US Congress puts virologists on the defence on why they did not to seriously consider Covid lab leak theory

US Congress puts virologists on the defence on why they did not to seriously consider Covid lab leak theory


The virologists behind the “proximal origin” article have strongly denounced accusations that they were improperly swayed by the participation of influential funders of scientific research. They have asserted that they seriously considered the lab leak theory but that evidence accumulated in favour of a natural origin, assuaging their earlier concerns about the Wuhan lab.

However, the congressional memo raises new questions about the idea that the virologists ever seriously considered the lab leak theory.

Columbia University virologist Ian Lipkin wrote on February 11, 2020, that an early draft of the article “does not eliminate the possibility of inadvertent release following adaptation through selection in culture at the institute in Wuhan,” citing a “nightmare of circumstantial evidence” at the Wuhan lab.

The new congressional memo shows for the first time that Holmes wrote on February 11, 2020, that he agreed with Lipkin’s assessment, even after he had drafted the first version of the article that would dispel the lab leak theory.

Holmes also said he had concerns about how quickly the virus had emerged in humans, apparently without detection in a likely zoonotic reservoir, in contrast to the SARS epidemic.

“It is indeed striking that this virus is so closely related to SARS yet is behaving so differently. Seems to have been pre-adapted for human spread since the get go,” Holmes said. The “proximal origin” article nodded to the fact that SARS-CoV-2 appeared pre-adapted to humans.

But scientists who have stated that SARS-CoV-2 appeared pre-adapted to humans in more straightforward terms, and who left open the possibility that the adaptation had occurred in the lab, have received fierce backlash.

Questions about the integrity of the impactful “proximal origin” article first swirled nearly two years ago. A series of emails released under FOIA in 2021 and 2022 demonstrated that the authors had expressed private concerns about a lab origin before doing a public about-face.

Andersen wrote on January 31, 2020 that he, Holmes and Tulane University virologist Robert Garry found that “the genome looks inconsistent with natural evolution.” Garry wrote on February 2, 2020, that he could not understand how SARS-CoV-2 could have emerged naturally after comparing its genome to a highly similar virus at the WIV:

“I just can’t figure out how this gets accomplished in nature. Do the alignment of the spikes at the amino acid level … stunning.” Yet the “proximal origin” article asserted that any lab origin theory was implausible.

Congressional Republicans have sought answers about whether the private teleconference with powerful funders of scientific research on February 1, 2020, had an improper influence. The virologists have rebutted that claim in part by pointing to the emergence of data in China describing coronavirus data suggesting a highly similar receptor binding domain in pangolins around the same time they were drafting the article.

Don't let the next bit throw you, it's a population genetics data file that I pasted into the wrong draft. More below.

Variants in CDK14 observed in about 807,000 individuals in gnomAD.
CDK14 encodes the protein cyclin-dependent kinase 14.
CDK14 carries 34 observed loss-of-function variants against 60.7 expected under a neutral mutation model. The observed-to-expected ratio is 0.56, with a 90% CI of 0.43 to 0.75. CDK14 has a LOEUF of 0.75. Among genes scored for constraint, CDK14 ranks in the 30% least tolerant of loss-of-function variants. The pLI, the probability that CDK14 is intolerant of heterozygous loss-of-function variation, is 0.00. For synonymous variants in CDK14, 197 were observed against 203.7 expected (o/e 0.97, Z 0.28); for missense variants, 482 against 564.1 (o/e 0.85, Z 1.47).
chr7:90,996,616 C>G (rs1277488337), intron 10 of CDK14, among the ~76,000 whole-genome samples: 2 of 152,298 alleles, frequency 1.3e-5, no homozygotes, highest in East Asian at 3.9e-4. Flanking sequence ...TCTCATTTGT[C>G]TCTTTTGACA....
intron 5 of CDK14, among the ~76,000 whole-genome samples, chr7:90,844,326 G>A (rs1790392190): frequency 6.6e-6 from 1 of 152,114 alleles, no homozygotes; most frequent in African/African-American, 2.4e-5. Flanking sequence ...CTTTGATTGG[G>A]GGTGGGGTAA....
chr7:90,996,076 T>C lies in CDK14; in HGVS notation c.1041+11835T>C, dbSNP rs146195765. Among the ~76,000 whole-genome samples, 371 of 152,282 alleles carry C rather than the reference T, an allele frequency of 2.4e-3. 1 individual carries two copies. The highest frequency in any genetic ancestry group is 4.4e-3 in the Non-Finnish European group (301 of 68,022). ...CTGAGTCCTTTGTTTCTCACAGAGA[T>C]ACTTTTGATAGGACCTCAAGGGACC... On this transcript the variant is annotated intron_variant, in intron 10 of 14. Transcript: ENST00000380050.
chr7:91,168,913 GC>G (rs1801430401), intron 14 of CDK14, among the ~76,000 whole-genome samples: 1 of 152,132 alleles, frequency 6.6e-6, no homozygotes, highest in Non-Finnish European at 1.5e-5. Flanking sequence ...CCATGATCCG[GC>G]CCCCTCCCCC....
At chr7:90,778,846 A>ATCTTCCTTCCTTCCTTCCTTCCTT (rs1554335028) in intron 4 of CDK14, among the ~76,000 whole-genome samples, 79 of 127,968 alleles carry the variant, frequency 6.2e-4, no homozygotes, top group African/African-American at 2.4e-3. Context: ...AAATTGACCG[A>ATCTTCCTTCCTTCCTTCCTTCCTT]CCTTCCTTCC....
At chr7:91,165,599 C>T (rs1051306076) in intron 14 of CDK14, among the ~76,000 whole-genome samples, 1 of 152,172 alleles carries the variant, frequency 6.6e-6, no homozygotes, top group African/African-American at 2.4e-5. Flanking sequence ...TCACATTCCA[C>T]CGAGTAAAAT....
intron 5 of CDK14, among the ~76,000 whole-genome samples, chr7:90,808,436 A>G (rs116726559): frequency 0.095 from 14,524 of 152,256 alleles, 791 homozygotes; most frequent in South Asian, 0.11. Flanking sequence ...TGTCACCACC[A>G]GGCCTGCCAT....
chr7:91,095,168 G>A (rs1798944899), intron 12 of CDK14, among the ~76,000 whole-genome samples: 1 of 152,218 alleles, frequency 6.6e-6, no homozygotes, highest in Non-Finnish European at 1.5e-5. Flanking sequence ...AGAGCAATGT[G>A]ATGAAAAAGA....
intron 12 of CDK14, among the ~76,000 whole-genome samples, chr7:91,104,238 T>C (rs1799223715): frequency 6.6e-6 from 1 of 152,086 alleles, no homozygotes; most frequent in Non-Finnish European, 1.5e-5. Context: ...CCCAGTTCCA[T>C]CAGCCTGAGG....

Pangolins are highly trafficked in China, although rarely sold live in wet markets. But the new congressional memo suggests that Andersen, the article’s lead author, did not find that the pangolin data alone provided sufficient evidence in favour of a natural origin.

“The newly available pangolin sequences do not elucidate the origin of SARS-CoV-2 or refute a lab origin,” Andersen said in an email on February 21, 2020. “[T]here is no evidence on present data that the pangolin CoVs are directly related to the Covid-19 epidemic.”

Congressional investigators state in the memo that given the pangolin data was apparently not compelling evidence in favour of a natural origin theory, the factor that likely pushed the scientists toward the natural origin theory was undue influence by Collins, Fauci and Farrar.

“The pangolin data was not the compelling factor,” the memo reads. “To this day, the only known intervening event was the February 1 conference call with Dr Fauci.”

Meanwhile, Stanley Perlman, a University of Iowa virologist who edited one of the papers describing the pangolin coronavirus data, said that the new congressional memo has not changed his stance in favour of a natural origin.

However, the publication did issue a correction stating that pangolins were an unlikely intermediate host in 2021. The committee also asserts that Andersen’s private statements contradict assertions made by a lawyer for Scripps Research in an August 2021 letter.

Asked about the apparent discrepancies, a Republican aide responded that “the select subcommittee is continuing to evaluate all available evidence, including whether or not Dr Andersen was truthful to the committee.”

Asked whether the scientists scrutinised in the memo, including Fauci, would be called to testify, the aide said that “the select subcommittee previously requested their testimony and those plans have not changed.”

Despite the scrutiny that has fallen on Fauci – President Biden’s former chief medical adviser – Select Subcommittee on the Coronavirus Pandemic Chair Brad Wenstrup (Republican-Ohio) said in a Face the Nation interview Sunday that the investigation would seek to work in a bipartisan fashion.

“I just want to get to facts,” Wenstrup said. “There’s going to be some moments, I’m sure, of some emotions flaring. The last three years have been tough on everybody.”

  • A Tell / The Defender report / This article was originally published by US Right to Know
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